And I do not mean to simplify the many reasons why a young man may choose to deal drugs or why there is violence across so many American cities. But Khalil’s existence now for Tobias is as a scapegoat to turn BL into the bad guy. Again, disability in DCTV is merely a plot point for villains or temporary.

On the flip side, Anissa as an out and proud activist lesbian is awesome!

Ladies Loving Ladies

Once the season ends, I’ll write a full length piece on Anissa, Chenoa, and Grace. Even with only three episodes to really pull from, the writers established a lot about Anissa and Freeland. We saw in week 2 how she had a key for Chenoa’s place, and her parents knew her name, but that’s as far as that one year relationship had gone. Their sex was mindblowing, sure (which how incredible to finally see two Black woman make love as an affirmative thing), but Anissa wasn’t committed to Chenoa. Understandably she was pissed at the Ruby Red Lipstick Bar (I love that Freeland has a lesbian bar) and said some hurtful things to Anissa.

I wish we had (or maybe we will) seen Chenoa one last time, but the moment Anissa laid eyes on Grace, it was pretty clear we were getting the slow-burn there. And this is what’s so great about the show, by five episodes both Anissa and Grace have been affirmatively labeled by the show as a lesbian and bisexual woman. No need to assume and no need for obnoxious fandom labeling conversations.

However, with Grace as a super recurring character, who knows when we’ll see Chantal Thuy next and how she’ll factor into the next portion of Anissa’s development into Thunder. And if she receives a series regular promotion, whether or not she joins the Pierce family+Gambi shenanigans.

Pierce Family Passion

I LOVE ONE FAMILY. Look, representation is not revolutionary and won’t meet any of our material needs on a global scale. Instead, representation is required and our media should look like us. But I’d be remiss to say that centering a show on a Black man who loves his family isn’t a huge freaking deal!!!

Specifically because of the racist sentiment that Black fathers aren’t around for their kids. This doesn’t consider that a) 1.5 million Black men are “missing” or b) the Black men that are fathers, they are the most involved with their children of any other group of dads!

So watching Cress Williams as Jefferson Pierce, completely in love with his ex-wife and two daughters is stunning and I am so glad the show is about the Pierce family now instead of Jefferson years ago. Their passion for their home and each other is one of the bigger successes of the show.

(Though I’d love a flashback of him first realizing his powers since it would have been in response to a very emotional moment).

Grandpa Gambi

Who is he? We know he and Alvin Pierce were super close, he’s Jefferson’s surrogate father, and from an interview that the girls think of him as a grandpa. Yet we’ve only seen him interact with JefferLynn and Tobias! And he knows Tori? I want to know everything about him and really hope the next eight episodes reveal more. As the only white guy the writers invite us to care about, Gambi is important. He’s got this amazing boutique and clearly knows his technology. (Is he making Anissa’s outfit?)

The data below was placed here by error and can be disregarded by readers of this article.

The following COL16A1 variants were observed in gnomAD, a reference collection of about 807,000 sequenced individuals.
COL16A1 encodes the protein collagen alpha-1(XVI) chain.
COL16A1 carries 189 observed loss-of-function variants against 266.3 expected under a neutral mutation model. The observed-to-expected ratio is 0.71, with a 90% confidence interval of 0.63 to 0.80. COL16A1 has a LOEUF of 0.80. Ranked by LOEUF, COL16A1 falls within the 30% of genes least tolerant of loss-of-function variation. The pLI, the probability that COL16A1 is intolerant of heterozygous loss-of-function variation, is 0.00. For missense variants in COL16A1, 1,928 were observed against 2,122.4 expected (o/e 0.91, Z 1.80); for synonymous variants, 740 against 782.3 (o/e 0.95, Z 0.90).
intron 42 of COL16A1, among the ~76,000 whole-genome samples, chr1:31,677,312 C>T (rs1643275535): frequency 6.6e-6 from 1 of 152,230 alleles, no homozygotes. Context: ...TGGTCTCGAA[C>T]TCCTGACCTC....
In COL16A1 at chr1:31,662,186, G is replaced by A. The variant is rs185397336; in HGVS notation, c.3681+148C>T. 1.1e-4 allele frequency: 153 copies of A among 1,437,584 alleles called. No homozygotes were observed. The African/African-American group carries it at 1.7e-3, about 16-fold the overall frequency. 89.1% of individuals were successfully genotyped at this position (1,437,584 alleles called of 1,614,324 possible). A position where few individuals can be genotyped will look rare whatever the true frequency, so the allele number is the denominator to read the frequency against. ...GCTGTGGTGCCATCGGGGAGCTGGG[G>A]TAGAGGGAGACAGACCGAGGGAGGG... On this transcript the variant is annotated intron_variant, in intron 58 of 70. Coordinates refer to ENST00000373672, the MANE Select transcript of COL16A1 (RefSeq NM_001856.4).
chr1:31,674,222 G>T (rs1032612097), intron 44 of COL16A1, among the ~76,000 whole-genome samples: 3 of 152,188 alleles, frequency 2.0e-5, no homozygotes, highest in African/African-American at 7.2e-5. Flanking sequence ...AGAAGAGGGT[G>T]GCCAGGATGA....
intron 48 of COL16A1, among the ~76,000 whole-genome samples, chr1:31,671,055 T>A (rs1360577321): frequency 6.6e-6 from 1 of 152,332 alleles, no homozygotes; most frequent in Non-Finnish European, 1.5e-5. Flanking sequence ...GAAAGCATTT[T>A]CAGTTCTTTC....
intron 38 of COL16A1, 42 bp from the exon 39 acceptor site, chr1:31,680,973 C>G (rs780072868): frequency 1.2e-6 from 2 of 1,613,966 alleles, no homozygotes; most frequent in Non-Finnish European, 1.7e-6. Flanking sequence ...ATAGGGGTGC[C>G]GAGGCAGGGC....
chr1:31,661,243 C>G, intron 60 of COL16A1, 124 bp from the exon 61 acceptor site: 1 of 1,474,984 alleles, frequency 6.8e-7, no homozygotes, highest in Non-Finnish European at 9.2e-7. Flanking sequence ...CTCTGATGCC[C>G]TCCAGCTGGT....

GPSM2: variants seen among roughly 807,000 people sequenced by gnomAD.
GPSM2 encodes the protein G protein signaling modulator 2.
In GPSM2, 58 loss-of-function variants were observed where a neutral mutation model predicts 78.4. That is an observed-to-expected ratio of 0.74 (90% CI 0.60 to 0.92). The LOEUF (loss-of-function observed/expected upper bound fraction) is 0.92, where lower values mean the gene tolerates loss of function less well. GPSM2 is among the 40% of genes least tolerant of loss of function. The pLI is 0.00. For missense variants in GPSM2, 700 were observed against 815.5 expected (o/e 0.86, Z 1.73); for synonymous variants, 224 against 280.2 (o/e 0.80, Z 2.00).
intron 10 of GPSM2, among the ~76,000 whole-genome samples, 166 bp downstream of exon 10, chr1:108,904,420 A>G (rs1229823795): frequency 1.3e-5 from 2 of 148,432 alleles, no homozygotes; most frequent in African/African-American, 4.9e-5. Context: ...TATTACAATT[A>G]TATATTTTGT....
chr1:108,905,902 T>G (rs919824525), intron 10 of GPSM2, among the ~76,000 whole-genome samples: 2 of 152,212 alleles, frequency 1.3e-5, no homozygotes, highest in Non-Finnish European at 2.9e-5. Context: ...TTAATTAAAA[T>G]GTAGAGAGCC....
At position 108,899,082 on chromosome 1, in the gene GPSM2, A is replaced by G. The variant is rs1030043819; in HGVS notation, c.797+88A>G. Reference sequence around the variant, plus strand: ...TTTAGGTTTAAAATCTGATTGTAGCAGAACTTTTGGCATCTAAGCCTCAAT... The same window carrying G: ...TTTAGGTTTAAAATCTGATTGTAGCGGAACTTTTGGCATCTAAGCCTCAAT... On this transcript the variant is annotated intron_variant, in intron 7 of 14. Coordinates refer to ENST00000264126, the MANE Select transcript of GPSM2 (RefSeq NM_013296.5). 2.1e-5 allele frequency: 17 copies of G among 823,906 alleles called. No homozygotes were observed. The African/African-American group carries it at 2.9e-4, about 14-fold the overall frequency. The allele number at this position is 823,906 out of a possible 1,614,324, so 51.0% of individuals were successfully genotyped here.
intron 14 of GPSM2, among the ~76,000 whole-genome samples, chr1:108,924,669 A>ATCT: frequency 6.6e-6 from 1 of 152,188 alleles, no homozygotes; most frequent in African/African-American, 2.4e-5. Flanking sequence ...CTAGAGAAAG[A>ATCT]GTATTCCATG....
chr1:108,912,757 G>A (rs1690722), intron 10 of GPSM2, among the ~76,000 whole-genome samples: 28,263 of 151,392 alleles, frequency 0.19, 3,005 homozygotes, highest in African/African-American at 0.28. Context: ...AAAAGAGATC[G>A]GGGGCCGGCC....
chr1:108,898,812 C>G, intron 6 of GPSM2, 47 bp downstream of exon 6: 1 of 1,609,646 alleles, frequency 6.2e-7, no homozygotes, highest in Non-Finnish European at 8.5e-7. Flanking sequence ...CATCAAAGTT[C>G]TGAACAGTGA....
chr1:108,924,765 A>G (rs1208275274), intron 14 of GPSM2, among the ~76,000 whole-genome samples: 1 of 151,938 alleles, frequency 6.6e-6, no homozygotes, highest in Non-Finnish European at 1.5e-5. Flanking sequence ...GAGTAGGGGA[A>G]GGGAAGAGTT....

But he’s hiding more than Tobias from Jefferson, like what I assume is his understanding that Anissa was on camera in episode 3. Likely more secrets related to Alvin Pierce too. Plus just how does he afford all his tech? The show is so good with details that it seems suspect we’ve yet to see more of that aspect…

Otherwise, Gambi is a really interesting lens into the show’s statements about so many issues.

Political Statements

The show has effectively made multiple statements not just about police brutality, drugs, or violence. Even the brief mention of the Tuskeegee experiments is significant with Greenlight and its entry into Freeland. I think its usage of Gambi as BL’s greatest champion as a hero pulled out of “retirement” as compared to Anissa and soon Jennifer’s journeys is really compelling.

I honestly don’t have the expertise to write a lengthy piece on the show’s usage of Malcolm X, MLK Jr, or others like Harriet Tubman but I think Anissa’s Malcolm vs. Jefferson’s MLK Jr. vs Black Lightning’s Malcolm is clear just from the show’s dialogue.

The scene between Anissa, her parents, and the Henderson’s is a great example. Is Black Lightning a vigilante who is hurting the police attempt’s to fight the 100 gang or everything else? (How is Henderson actually feeling about his inability to stop the 100 gang long-term?) Or is he stepping in where no one else will and making a difference? Does nonviolence actually work, or nah? How do we meet the material needs of oppressed groups, here black people?

The latter questions are debated at length and I don’t think Black Lightning is trying to conclusively answer them. Though the former two are definitely at the core of the show.

The same goes for the writers’ strong use of religious imagery in implicit and explicit ways.

Book of Black Lightning

Abrahamic religion and their prophets are explicitly referenced from the episode titles to the show dialogue. Abrahamic religion is a huge part of the show. The titles all tell a story, even the non “Book of” titles like “Resurrection” and “Black Jesus” have their own. We even saw a Methodist church for Lawanda’s funeral! It makes sense because the Akils are actually Muslim. I hope we get some Black Muslims too in the show.

Jefferson is Black Jesus (resurrection), then Black Lightning is Moses (the latter was reluctant at first to lead). Obviously Judaism, Christianity, and Islam have differences in their telling of Moses’ story but it’s pretty apparent what’s happening here. Lady Eve is Pharaoh and I’m not quite sure on who Tobias is yet, but I’ll figure it out by season’s end when I’ll write a long article about everything else we get this season.

Last Thoughts

  • When will Syonide get to talk extensively? One Syonide in the comics has a girlfriend and I would love to see the show’s take on that.
  • Someone find the scripts for me because each episode feels like it’s cramming a usual script and a half’s worth of stuff into one 45 minute episode.
  • I hope this show doesn’t get 22 episodes this fall. I find it works better as a short season show.